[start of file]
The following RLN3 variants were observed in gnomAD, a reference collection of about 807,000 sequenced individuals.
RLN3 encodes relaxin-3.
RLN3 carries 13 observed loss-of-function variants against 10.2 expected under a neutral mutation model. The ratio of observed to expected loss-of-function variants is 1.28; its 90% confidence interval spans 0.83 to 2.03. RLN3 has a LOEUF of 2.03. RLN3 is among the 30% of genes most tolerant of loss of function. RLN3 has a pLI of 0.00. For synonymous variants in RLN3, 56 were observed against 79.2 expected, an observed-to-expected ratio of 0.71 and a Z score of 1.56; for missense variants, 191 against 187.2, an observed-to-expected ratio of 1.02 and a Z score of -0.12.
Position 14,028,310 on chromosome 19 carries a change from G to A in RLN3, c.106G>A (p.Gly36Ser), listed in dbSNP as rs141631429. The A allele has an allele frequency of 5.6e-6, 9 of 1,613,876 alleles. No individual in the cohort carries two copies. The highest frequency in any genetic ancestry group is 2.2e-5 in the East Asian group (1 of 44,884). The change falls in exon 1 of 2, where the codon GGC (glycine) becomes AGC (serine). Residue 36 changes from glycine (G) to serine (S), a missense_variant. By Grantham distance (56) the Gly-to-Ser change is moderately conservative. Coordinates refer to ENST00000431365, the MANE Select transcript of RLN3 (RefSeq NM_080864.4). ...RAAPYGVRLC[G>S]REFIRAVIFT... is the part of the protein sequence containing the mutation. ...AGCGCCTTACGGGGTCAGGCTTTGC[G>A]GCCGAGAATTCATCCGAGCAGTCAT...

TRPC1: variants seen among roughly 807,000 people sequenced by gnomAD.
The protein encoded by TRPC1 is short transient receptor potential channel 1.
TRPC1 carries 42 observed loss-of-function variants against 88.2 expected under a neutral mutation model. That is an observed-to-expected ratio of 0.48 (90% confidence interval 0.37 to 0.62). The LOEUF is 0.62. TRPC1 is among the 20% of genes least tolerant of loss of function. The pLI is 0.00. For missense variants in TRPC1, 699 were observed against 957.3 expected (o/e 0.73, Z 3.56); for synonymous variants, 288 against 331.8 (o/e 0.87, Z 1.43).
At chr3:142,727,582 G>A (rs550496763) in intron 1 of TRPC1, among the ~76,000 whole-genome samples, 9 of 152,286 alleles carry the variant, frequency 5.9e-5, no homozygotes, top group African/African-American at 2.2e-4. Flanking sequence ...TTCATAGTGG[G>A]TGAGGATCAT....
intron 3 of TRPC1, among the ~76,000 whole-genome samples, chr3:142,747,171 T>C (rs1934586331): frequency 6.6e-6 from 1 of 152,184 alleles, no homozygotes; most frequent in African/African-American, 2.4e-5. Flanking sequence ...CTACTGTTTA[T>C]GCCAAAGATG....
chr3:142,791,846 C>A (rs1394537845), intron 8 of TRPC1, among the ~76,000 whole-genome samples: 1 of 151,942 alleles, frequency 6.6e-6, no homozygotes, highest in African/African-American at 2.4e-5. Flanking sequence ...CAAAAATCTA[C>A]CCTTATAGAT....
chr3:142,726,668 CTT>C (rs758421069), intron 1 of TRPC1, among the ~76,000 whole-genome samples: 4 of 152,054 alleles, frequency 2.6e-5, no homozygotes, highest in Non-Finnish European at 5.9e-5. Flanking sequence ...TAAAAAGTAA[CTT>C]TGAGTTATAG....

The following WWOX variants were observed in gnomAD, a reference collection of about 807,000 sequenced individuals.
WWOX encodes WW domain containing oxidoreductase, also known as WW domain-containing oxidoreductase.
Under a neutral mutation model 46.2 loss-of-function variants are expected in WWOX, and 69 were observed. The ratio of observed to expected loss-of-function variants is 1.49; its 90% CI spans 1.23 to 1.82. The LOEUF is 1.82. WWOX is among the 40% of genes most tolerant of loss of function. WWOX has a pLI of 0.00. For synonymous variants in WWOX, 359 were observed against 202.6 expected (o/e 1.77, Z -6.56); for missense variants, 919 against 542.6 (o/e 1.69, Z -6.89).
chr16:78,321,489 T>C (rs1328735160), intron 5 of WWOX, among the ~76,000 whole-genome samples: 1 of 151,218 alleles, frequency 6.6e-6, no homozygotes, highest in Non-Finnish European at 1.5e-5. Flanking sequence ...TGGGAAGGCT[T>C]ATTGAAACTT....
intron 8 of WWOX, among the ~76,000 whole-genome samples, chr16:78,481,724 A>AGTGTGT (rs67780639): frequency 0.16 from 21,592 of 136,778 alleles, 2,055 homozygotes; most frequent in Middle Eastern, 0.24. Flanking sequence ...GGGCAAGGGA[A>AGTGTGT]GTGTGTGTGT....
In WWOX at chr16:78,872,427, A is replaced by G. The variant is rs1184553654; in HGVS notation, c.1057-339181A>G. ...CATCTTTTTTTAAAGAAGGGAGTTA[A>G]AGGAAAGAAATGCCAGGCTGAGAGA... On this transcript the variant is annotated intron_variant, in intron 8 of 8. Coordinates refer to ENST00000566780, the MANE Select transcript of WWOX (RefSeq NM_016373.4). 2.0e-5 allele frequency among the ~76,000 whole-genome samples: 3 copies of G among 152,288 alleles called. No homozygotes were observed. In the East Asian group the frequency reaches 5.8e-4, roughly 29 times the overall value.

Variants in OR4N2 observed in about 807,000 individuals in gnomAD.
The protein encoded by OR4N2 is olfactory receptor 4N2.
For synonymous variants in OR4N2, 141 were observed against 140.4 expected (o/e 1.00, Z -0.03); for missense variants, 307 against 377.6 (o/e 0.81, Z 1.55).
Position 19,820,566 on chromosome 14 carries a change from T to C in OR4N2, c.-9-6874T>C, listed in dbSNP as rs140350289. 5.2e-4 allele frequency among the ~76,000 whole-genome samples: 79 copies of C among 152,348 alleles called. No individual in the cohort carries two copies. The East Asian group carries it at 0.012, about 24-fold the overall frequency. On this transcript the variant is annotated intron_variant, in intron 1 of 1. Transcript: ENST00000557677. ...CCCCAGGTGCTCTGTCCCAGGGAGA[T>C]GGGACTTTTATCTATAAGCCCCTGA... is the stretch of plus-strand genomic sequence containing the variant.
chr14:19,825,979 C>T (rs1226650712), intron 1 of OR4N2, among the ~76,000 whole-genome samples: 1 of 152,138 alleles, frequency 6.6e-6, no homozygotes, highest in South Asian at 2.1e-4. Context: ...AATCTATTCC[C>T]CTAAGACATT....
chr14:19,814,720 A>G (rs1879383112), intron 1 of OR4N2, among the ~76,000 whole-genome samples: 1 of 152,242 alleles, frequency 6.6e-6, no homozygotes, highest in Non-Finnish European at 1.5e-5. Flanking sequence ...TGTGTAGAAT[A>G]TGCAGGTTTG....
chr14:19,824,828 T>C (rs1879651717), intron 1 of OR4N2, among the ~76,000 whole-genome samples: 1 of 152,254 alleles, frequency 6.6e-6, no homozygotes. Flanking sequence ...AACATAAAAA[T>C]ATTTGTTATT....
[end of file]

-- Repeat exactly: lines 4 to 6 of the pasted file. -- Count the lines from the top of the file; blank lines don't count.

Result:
Position 14,028,310 on chromosome 19 carries a change from G to A in RLN3, c.106G>A (p.Gly36Ser), listed in dbSNP as rs141631429. The A allele has an allele frequency of 5.6e-6, 9 of 1,613,876 alleles. No individual in the cohort carries two copies. The highest frequency in any genetic ancestry group is 2.2e-5 in the East Asian group (1 of 44,884). The change falls in exon 1 of 2, where the codon GGC (glycine) becomes AGC (serine). Residue 36 changes from glycine (G) to serine (S), a missense_variant. By Grantham distance (56) the Gly-to-Ser change is moderately conservative. Coordinates refer to ENST00000431365, the MANE Select transcript of RLN3 (RefSeq NM_080864.4). ...RAAPYGVRLC[G>S]REFIRAVIFT... is the part of the protein sequence containing the mutation. ...AGCGCCTTACGGGGTCAGGCTTTGC[G>A]GCCGAGAATTCATCCGAGCAGTCAT...

TRPC1: variants seen among roughly 807,000 people sequenced by gnomAD.
The protein encoded by TRPC1 is short transient receptor potential channel 1.